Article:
Tag Archives: kids

Things to Do in Saint Martin with Kids

There is so much to do in Saint Martin/Sint Maarten! Go beyond the beaches and explore some of SXM’s kid-friendly activities. Discover ruins, fly through a rain forest, or feel the whisper of a butterfly’s wings. Make your time on Saint Martin the best family vacation ever!

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The Zoo may not be as large or as varied as animal parks in big cities, but it is the perfect size to see with kids in an afternoon. Learn about endemic animals as well as exotic species.

How to get there: Drive to Pond Road in Philipsburg and go north on the Saltpicker’s Roundabout. Turn left at the end of Pond Island and follow the signs.

Cost: $10 for adults and $5 for children

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The Butterfly Farm is a magical place for kids. Walk through a butterfly enclosure and let the papillons softly land on you. Learn about different types of butterflies and moths.

How to get there: Drive toward Galion Beach on the east side of the island. Take the turnoff to Galion Beach, and the farm is on your right.

Cost: $14 for adults, $7 for children

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Loterie Farm has something for everyone. Located on the grounds of an old sugar plantation, this site is loaded with both history and modern outdoor entertainment. You can take the nature hike, relax by the state-of-the-art pool, or try one of the three zip lines: the kids’ Tarzan zip line, the ropes course zip line, or (for the very adventurous), the extreme course. Keep an eye out– you may see the resident vervet monkeys! The park is closed on Mondays.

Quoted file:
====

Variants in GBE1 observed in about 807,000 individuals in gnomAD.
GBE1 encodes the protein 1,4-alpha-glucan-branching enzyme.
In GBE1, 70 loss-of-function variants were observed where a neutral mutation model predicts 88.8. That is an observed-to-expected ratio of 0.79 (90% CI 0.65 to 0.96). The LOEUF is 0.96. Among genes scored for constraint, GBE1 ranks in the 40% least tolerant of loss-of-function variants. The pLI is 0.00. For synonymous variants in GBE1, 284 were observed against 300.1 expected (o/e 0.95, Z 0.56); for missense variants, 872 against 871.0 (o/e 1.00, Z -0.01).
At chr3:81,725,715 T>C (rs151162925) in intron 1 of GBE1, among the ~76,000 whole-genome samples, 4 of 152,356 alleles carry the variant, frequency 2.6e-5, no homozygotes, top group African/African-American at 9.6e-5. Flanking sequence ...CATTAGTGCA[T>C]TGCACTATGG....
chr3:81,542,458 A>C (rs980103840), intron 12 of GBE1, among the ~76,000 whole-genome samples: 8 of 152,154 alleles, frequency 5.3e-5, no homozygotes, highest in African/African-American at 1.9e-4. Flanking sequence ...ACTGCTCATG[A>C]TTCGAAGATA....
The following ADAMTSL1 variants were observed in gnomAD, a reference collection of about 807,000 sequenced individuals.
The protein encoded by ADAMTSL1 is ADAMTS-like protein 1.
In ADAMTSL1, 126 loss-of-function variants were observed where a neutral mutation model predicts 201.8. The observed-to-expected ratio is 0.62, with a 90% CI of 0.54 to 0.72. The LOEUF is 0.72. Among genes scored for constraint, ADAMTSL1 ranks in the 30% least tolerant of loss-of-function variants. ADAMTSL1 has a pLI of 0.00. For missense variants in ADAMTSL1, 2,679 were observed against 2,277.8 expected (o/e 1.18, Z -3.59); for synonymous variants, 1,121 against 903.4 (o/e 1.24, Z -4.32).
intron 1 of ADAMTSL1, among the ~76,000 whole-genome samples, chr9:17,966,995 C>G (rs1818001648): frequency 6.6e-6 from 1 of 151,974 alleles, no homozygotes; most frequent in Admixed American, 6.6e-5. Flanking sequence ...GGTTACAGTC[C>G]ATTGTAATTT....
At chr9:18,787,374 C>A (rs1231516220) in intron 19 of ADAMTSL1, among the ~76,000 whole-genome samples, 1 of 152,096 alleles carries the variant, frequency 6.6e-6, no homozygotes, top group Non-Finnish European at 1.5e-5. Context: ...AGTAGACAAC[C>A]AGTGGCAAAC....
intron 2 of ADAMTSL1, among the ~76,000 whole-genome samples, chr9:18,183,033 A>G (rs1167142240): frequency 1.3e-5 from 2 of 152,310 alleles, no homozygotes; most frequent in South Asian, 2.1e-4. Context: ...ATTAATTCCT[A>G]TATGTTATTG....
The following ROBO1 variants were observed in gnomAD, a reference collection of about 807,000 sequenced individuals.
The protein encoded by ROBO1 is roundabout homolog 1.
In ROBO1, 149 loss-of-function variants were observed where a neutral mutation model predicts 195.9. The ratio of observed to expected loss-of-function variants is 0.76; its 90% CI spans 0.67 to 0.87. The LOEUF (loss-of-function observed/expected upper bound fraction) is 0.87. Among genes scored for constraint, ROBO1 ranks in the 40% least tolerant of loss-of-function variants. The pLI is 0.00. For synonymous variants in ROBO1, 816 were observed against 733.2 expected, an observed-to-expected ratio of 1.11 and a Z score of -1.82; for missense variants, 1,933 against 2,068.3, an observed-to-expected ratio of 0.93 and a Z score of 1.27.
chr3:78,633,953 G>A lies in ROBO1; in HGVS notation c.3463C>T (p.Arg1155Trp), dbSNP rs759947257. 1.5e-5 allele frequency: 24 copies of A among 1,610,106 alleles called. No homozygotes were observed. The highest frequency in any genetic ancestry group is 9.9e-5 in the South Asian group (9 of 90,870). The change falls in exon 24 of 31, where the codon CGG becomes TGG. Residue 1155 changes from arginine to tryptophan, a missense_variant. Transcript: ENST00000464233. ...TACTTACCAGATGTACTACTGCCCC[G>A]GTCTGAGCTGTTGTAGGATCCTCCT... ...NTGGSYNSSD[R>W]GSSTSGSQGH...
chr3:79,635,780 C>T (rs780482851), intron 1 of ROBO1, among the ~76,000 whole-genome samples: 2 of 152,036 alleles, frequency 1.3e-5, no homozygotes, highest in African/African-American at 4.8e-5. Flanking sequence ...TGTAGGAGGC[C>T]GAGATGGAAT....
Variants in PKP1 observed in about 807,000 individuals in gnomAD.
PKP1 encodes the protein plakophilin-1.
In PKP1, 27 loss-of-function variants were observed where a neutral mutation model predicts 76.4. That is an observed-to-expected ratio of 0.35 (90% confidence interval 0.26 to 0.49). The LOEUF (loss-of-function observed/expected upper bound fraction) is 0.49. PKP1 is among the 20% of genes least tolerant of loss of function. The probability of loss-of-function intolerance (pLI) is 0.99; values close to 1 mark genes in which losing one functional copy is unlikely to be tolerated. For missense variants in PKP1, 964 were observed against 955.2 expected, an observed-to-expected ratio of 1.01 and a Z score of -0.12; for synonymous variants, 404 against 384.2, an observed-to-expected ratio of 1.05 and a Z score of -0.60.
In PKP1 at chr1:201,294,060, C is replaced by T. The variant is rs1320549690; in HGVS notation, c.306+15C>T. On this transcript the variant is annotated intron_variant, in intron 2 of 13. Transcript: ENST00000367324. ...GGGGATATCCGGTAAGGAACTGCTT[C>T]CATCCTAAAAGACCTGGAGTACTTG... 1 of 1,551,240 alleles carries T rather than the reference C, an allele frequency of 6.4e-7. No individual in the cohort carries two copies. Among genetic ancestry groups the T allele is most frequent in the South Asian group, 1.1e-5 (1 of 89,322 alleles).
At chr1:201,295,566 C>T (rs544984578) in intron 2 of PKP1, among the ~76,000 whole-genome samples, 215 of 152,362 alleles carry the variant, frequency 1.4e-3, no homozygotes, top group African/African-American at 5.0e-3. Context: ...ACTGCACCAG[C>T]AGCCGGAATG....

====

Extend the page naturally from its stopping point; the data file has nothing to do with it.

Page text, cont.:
How to get there: Go north from Marigot and turn left at the “Pic Paradis” sign. The park is on your right.

Cost: 5 Euros for the hike, 25 Euros for the kids’ zip line, 45 Euros and 65 Euros for the medium and extreme zip lines. Pool chair a towel is 25 Euros up, and is required for pool entrance. The park takes US dollars as well.

Buffalo Wild Wings has a fun kids’ area at the Blue Mall in Cupecoy. I haven’t been there personally, but I hear that it’s a favorite with the expat kids.

How to get there: Blue Mall is located west of Maho in near Cupecoy Beach.

Cost: Price of food

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Seaside Nature Park is a little slice of farmland heaven. You can ride horses on the beach, play on the playground, or feed the animals at the petting zoo. The park also has a playground and a trampoline!

How to get there: From Maho, go through Simpson Bay to Cole BayTurn right just before Daily Extra Supermarket, and take a left at the end of the road (From Philipsburg, turn left when you come down the hill to Cole Bay Go through the one-way street, turn left, and then go right before Daily Extra Supermarket). You have to drive through the GEBE power plant, which seems odd, but you are going the right way!

Cost: $60 for a an hour trail ride on the horses. Petting zoo is $5 per adult and $3 per child. Bags of feed are $1 each.

Feeding the Donkey and Horses in French Cul-de-Sac is a great free activity to do on your way to the beach or Pinel Island.

How to get there: From Marigot, go north until you find the round-a-bout toward Pinel Island in French Cul-de-Sac. Turn left at the school and then follow the road past the school and up the hill to the donkeys and horses.

Cost: Free!

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Carousel is our favorite ice cream store. Not only does this place offer delicious ice cream and cotton candy, it also has a full-sized carousel in the back!

How to get there: Located in Simpson Bay

Cost: $3+ for ice cream. Carousel ride is free with purchase on Wednesdays.

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Sonesta Kids Zone is a great place to drop off your kids while you relax at the pool. The awesome staff will take care of your kids with games, movies, and fun while you get a break.

How to get there: In Maho. you can’t miss it.

Cost: In order to visit the Kid’s Zone, you have to either stay at Sonesta or purchase an all-inclusive day pass, which is about $90/person for adults.